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Discussion Starter #1
Hi...

I am new to the Focus and the Forum.
I just brought a second hand Australian Focus 2011 Turbo Diesel Titanium White Sedan. So far very impressed, had a lot of features that I just wasn't expecting for a small Ford and drives very nicely.

I have read about the new Focus having Active City Stop / Active Brake Assist. How do I find out if my 2011 model had this feature? I only just found it had active park assist, which was very daunting at first but it works great and is a real neat little feature.

Any help would be appreciated. Obviously it's not something I can just try in the car, on the assumption that it may not have the feature of city stop / active brake assist.

Thanks...
 

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I'll move this to the MkIII section to see if any Aussie/Euro members have any info..
 

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Hi...

I am new to the Focus and the Forum.
I just brought a second hand Australian Focus 2011 Turbo Diesel Titanium White Sedan. So far very impressed, had a lot of features that I just wasn't expecting for a small Ford and drives very nicely.

I have read about the new Focus having Active City Stop / Active Brake Assist. How do I find out if my 2011 model had this feature? I only just found it had active park assist, which was very daunting at first but it works great and is a real neat little feature.

Any help would be appreciated. Obviously it's not something I can just try in the car, on the assumption that it may not have the feature of city stop / active brake assist.

Thanks...
Go to settings, and under Driver Assist, this is the section in your menu which shows features such as Traction control ESC, BLIS, City Stop, Forward Alert, Driver Alert, Hill Start Assist, Tire deflation detection, Traffic signs, Lane Departure.
If City Stop is in your menu the feature defaults to on, unless you disable the feature.




Hope this helps.
 

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Discussion Starter #4
Absolutely does help - thank you. No, nothing there except Traction Control (ECS) ON/OFF.

Really appreciate your help.
 

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Go to settings, and under Driver Assist, this is the section in your menu which shows features such as Traction control ESC, BLIS, City Stop, Forward Alert, Driver Alert, Hill Start Assist, Tire deflation detection, Traffic signs, Lane Departure.
If City Stop is in your menu the feature defaults to on, unless you disable the feature.




Hope this helps.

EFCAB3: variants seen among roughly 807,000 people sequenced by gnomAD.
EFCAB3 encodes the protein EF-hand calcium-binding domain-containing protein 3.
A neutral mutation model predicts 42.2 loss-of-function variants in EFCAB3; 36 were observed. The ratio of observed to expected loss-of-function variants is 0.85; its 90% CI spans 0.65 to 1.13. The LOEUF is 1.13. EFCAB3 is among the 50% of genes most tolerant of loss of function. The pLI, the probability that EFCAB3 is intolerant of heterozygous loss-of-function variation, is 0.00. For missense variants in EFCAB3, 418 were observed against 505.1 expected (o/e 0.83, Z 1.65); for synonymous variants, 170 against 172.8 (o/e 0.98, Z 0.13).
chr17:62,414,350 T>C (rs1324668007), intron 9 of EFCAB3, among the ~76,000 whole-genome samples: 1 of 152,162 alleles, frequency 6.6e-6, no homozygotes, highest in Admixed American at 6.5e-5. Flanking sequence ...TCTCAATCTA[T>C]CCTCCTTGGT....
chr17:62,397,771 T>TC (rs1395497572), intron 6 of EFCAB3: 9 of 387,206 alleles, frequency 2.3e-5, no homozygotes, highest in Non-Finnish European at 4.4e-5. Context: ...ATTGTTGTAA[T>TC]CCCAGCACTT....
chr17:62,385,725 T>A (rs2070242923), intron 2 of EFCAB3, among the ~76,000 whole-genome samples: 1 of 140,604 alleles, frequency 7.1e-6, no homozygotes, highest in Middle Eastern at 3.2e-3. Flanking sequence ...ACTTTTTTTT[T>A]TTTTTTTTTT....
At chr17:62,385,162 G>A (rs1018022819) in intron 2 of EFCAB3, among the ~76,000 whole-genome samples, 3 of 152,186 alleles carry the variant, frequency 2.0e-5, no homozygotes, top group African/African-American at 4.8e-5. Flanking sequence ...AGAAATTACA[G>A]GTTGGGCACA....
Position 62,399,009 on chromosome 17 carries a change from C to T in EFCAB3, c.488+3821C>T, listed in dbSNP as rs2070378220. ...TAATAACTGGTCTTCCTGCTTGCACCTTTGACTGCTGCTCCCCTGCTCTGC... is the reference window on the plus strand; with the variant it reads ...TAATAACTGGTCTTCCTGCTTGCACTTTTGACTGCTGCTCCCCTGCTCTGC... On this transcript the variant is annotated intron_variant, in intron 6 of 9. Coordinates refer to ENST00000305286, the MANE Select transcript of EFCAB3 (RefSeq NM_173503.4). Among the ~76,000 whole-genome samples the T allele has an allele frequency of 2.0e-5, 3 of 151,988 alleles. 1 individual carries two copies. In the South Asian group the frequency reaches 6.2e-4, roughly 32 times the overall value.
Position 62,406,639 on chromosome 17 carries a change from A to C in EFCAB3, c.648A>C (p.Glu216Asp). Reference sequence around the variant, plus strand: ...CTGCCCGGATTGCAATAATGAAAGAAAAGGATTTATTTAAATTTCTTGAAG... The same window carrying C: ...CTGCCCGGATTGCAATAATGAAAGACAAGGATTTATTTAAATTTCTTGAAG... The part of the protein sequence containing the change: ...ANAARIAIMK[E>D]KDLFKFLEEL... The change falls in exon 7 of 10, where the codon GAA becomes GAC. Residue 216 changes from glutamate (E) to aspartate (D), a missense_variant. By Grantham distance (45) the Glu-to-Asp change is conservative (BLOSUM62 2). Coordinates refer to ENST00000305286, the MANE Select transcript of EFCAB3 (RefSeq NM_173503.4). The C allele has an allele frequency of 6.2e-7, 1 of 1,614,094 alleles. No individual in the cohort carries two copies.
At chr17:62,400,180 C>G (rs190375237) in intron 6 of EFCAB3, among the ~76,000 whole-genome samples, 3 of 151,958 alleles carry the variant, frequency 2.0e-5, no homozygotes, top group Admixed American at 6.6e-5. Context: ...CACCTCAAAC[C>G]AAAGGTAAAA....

Is it me or the Euro focus is more like a Mercedes in North America ? loll
 

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Hard to know how much they'd charge for a top trim Euro model in the USA because they have not and will not offer it in the USA. I suspect the USA would not pay the kind of money they would charge for one if they did offer it and I also think Ford would not want that much tech overlap with there higher models.

Face it, the Focus is only one step up from the lowest model Ford sells and they want customers that want that level of tech to buy the higher model with the higher price.


Brian
 

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The gap keeps narrowing as small cars become more popular.

Top level of each generation has been fancier in the U.S. than the prev. one.
 

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Ford want customers that want that level of tech to buy the higher model with the higher price.
Brian
Why?

Why does Ford think a Focus consumer that wants the size of a Focus car with the features only available in the next size up (Fusion) will settle for a unwanted larger car because of some features Ford refuses to offer on the Focus?

If those features are sold throughout the lineup, then those features are much cheaper to offer to the end consumer.

Also why should a well to do consumer whom desires the Focus over larger vehicles or competitors offerings has to lower their expectations regarding features offered on the Focus in other markets?

Active City Stop feature would cost a couple hundred US$.
A bundled package including City Stop, Lane Assist, BLIS, and the others could probably be priced under US$900.00.

Not deal breaking stuff.

Seems to me Ford North America is willing to let the competition lead the way with some of these features on their C segment offerings, which is odd as when Ford launched the MK3 Focus, they did with the goal to lead, which at the time they were, but for some reason have changed their priorities with the Focus.